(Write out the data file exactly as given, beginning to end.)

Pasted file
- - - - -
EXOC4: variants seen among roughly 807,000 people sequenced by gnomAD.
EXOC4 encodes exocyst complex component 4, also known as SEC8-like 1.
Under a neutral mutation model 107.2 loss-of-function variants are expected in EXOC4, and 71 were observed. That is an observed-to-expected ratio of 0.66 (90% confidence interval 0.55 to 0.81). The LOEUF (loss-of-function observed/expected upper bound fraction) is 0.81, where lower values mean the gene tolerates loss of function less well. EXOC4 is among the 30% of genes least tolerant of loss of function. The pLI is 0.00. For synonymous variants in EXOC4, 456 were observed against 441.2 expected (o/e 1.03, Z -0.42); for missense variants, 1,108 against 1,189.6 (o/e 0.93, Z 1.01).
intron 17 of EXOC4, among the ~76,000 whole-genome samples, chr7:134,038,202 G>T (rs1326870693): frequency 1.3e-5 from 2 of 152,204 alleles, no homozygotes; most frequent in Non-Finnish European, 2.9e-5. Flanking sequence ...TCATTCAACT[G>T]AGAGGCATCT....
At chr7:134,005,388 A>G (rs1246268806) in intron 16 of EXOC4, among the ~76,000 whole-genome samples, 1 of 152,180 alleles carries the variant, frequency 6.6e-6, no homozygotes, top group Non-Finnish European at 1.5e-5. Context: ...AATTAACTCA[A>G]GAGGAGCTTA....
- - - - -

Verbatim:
EXOC4: variants seen among roughly 807,000 people sequenced by gnomAD.
EXOC4 encodes exocyst complex component 4, also known as SEC8-like 1.
Under a neutral mutation model 107.2 loss-of-function variants are expected in EXOC4, and 71 were observed. That is an observed-to-expected ratio of 0.66 (90% confidence interval 0.55 to 0.81). The LOEUF (loss-of-function observed/expected upper bound fraction) is 0.81, where lower values mean the gene tolerates loss of function less well. EXOC4 is among the 30% of genes least tolerant of loss of function. The pLI is 0.00. For synonymous variants in EXOC4, 456 were observed against 441.2 expected (o/e 1.03, Z -0.42); for missense variants, 1,108 against 1,189.6 (o/e 0.93, Z 1.01).
intron 17 of EXOC4, among the ~76,000 whole-genome samples, chr7:134,038,202 G>T (rs1326870693): frequency 1.3e-5 from 2 of 152,204 alleles, no homozygotes; most frequent in Non-Finnish European, 2.9e-5. Flanking sequence ...TCATTCAACT[G>T]AGAGGCATCT....
At chr7:134,005,388 A>G (rs1246268806) in intron 16 of EXOC4, among the ~76,000 whole-genome samples, 1 of 152,180 alleles carries the variant, frequency 6.6e-6, no homozygotes, top group Non-Finnish European at 1.5e-5. Context: ...AATTAACTCA[A>G]GAGGAGCTTA....